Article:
This is what has changed. This is one more weapon in the Fed’s arsenal to wrest control over U.S. policy, both fiscal and monetary, that it can use to assert its independence and put the U.S. back on something close to a sustainable path.
Europe, on the other hand, can no longer count on their controlling LIBOR to get the dollars they need from either a willing Congress and a trapped or captured Fed.
Moreover, if you really begin to think through this, again in broad terms, it puts the new pricing system for commodities thanks to the Russians, i.e. rubles = gold = oil = commodities, on the other side of Europe saying in no uncertain terms #GotGoldOrRubles?
And they can’t print the same number of eurodollars they used to. So, now what?
This is where we are today. I laid out this whole thing in a recent interview with Chris Marcus at Arcadia Economics.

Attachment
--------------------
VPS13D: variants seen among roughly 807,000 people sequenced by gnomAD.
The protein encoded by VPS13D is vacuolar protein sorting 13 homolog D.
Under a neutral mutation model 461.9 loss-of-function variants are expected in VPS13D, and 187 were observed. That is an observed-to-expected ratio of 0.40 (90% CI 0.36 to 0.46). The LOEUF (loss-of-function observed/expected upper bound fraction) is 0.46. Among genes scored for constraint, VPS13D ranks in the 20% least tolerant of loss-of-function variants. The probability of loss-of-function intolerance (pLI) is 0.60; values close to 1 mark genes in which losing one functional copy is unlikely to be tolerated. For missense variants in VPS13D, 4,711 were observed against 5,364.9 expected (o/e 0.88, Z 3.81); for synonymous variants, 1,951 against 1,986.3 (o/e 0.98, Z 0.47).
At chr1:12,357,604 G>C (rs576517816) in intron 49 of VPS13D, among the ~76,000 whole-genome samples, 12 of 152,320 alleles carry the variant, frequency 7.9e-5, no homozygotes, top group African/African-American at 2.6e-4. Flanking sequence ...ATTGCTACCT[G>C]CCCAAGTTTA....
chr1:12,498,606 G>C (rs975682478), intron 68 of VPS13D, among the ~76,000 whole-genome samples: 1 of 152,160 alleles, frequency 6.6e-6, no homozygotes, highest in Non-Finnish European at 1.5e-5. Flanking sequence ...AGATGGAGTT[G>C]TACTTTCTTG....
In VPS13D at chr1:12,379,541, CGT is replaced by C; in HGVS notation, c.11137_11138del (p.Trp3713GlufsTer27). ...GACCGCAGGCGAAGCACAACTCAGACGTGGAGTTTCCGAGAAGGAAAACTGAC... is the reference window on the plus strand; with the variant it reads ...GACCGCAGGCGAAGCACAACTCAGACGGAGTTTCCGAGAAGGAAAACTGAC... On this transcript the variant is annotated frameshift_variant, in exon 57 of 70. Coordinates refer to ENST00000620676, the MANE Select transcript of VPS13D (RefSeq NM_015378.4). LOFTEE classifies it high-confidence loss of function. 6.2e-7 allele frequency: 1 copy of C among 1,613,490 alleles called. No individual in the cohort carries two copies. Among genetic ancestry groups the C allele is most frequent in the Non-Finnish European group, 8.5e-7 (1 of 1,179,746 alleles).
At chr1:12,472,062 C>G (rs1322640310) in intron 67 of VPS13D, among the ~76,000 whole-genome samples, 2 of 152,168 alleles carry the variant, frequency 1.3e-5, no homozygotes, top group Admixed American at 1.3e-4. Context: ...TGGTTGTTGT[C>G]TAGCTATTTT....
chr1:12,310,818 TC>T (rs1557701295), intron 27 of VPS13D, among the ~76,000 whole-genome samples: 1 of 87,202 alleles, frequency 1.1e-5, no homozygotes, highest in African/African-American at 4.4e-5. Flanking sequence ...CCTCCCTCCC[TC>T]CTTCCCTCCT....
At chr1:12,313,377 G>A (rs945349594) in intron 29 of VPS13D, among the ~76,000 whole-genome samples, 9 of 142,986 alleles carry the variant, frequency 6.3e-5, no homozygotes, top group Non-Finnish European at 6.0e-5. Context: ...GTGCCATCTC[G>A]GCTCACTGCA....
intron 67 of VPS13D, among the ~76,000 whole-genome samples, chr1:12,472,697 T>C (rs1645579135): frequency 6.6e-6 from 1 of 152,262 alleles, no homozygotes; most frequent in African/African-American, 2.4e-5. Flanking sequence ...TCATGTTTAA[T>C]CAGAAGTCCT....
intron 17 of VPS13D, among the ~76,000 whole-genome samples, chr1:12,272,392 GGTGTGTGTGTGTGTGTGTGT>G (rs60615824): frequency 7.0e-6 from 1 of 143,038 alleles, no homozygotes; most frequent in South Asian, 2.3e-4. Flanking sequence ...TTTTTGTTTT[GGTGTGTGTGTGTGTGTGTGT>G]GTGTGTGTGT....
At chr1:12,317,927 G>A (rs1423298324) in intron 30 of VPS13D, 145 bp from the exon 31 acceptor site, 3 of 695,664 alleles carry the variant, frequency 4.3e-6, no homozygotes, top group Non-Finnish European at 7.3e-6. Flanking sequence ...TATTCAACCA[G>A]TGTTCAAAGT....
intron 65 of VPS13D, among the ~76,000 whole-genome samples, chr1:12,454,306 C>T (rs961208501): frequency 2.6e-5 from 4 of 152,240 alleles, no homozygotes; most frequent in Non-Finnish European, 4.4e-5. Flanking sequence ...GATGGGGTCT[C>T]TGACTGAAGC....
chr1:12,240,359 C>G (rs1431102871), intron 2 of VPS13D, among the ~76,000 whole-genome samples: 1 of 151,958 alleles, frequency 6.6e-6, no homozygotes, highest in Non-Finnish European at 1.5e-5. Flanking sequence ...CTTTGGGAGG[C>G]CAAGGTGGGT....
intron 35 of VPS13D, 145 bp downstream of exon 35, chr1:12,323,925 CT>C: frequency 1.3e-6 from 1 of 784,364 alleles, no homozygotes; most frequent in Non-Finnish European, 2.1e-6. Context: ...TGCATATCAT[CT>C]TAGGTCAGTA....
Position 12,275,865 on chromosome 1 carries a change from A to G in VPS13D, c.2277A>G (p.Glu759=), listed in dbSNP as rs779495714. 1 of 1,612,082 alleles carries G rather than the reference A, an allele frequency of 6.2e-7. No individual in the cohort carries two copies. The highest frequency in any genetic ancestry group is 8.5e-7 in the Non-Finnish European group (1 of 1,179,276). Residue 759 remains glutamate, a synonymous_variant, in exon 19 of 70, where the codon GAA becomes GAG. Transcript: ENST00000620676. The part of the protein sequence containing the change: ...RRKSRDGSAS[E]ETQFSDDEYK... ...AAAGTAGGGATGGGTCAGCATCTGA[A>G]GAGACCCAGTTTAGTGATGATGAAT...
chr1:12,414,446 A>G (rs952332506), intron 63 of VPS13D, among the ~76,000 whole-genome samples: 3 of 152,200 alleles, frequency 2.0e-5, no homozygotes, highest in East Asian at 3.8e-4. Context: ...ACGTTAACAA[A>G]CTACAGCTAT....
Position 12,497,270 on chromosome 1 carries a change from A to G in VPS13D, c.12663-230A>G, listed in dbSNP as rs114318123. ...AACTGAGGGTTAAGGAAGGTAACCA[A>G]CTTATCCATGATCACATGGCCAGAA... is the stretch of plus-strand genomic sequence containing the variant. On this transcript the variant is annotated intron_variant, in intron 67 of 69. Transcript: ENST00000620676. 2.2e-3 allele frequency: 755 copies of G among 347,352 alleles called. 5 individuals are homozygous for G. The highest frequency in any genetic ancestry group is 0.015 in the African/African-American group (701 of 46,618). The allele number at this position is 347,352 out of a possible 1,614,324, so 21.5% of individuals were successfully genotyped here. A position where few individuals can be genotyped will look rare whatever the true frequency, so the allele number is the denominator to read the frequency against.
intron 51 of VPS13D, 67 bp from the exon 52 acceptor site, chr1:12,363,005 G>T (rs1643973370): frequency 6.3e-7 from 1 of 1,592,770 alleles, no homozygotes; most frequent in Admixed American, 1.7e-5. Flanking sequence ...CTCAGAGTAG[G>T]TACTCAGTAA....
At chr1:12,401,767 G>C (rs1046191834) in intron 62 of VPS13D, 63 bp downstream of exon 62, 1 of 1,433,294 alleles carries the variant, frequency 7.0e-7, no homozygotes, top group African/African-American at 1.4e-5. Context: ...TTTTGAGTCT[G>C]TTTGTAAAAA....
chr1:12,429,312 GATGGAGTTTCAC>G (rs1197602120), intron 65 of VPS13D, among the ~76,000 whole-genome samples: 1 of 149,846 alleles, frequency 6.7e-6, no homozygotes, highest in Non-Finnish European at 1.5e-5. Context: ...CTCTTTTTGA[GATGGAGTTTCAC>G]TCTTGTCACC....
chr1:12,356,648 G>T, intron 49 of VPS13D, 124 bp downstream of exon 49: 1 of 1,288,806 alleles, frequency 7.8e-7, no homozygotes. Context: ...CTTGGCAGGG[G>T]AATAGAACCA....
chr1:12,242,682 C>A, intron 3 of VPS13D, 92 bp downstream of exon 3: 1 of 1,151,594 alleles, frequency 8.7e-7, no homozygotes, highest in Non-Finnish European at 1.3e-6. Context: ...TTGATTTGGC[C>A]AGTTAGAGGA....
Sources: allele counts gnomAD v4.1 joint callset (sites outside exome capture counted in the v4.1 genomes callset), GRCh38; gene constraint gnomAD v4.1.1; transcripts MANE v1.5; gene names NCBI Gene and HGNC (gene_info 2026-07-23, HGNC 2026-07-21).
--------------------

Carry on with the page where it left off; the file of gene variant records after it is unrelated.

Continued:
I’m not saying in any way that what I’ve outlined here is the only new fulcrum on which the future of financial markets rest. That would be ridiculously arrogant.
But I am saying, as always, that if you don’t constantly challenge your assumptions about how things work and what the motivations are of the people who operate these systems then you are likely to make a foundational mistake about where we are headed.
Because how else do you explain the Fed so rapidly reversing course on ‘inflation is transitory’ to ‘inflation requires extreme measures’ to the point where uber-dove and MMT fan girl, Lael Brainard is now talking the hawkish talk?
What if the goal of this FOMC is bigger than just the normal steering us through a difficult time? What if this time it is the Mises Crack-Up Boom and the old alliances are gone and it’s now an all-out Hobbesian war of “all against all” not only geopolitically but financially as well?
What if the Fed’s upcoming ‘policy error’ is nothing of the sort but a sincere attack on its biggest enemies?
Under those circumstances anything is possible. And if you aren’t willing to reframe the current conflicts along the proper lines, I would remind you of what Ayn Rand would say, “Check your premises.”